Secrets of comedy couples: What's it like when both you and your partner are stand-ups?

    Secrets of comedy couples

    What's it like when both you and your partner are stand-ups?
    Satya Nadella: As Windows 10 is launched can he return Microsoft to its former glory?

    Satya Nadella: The man to clean up for Windows?

    While Microsoft's founders spend their billions, the once-invincible tech company's new boss is trying to save it
    The best swimwear for men: From trunks to shorts, make a splash this summer

    The best swimwear for men

    From trunks to shorts, make a splash this summer
    Mark Hix recipes: Our chef tries his hand at a spot of summer foraging

    Mark Hix goes summer foraging

     A dinner party doesn't have to mean a trip to the supermarket
    Ashes 2015: With an audacious flourish, home hero Ian Bell ends all debate

    With an audacious flourish, the home hero ends all debate

    Ian Bell advances to Trent Bridge next week almost as undroppable as Alastair Cook and Joe Root, a cornerstone of England's new thinking, says Kevin Garside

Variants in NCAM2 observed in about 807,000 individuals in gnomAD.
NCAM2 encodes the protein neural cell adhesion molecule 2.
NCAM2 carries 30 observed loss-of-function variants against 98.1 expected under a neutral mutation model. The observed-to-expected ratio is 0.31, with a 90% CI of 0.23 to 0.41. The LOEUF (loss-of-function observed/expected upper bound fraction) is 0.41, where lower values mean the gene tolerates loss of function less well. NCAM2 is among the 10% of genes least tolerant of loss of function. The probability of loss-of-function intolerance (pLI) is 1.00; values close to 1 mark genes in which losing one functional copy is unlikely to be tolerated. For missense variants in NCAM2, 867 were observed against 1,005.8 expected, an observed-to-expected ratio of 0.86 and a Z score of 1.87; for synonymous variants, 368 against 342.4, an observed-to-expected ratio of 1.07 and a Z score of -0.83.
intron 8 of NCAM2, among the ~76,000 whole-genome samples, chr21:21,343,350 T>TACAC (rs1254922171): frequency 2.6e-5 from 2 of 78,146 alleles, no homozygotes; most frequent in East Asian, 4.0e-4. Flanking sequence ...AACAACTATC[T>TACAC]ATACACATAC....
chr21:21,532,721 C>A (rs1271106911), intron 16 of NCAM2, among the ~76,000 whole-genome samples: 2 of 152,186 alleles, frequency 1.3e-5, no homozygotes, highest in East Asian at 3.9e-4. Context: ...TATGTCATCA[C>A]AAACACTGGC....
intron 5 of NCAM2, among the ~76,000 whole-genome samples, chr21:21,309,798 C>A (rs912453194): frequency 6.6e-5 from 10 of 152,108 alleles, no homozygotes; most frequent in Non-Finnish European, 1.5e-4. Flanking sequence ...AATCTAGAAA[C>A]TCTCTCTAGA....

Aaron Ramsey interview: Wales midfielder determined to be centre of attention for Arsenal this season

    Aaron Ramsey interview

    Wales midfielder determined to be centre of attention for Arsenal this season
    Community Shield: Arsene Wenger needs to strike first blow in rivalry with Jose Mourinho

    Community Shield gives Wenger chance to strike first blow in rivalry with Mourinho

    As long as the Arsenal manager's run of games without a win over his Chelsea counterpart continues it will continue to dominate the narrative around the two men
    The unlikely rise of AFC Bournemouth - and what it says about English life

    Unlikely rise of AFC Bournemouth

    Bournemouth’s elevation to football’s top tier is one of the most improbable of recent times. But it’s illustrative of deeper and wider changes in English life
    A Very British Coup, part two: New novel in pipeline as Jeremy Corbyn's rise inspires sequel

    A Very British Coup, part two

    New novel in pipeline as Jeremy Corbyn's rise inspires sequel
    Philae lander data show comets could have brought 'building blocks of life' to Earth

    Philae lander data show comets could have brought 'building blocks of life' to Earth

    Icy dust layer holds organic compounds similar to those found in living organisms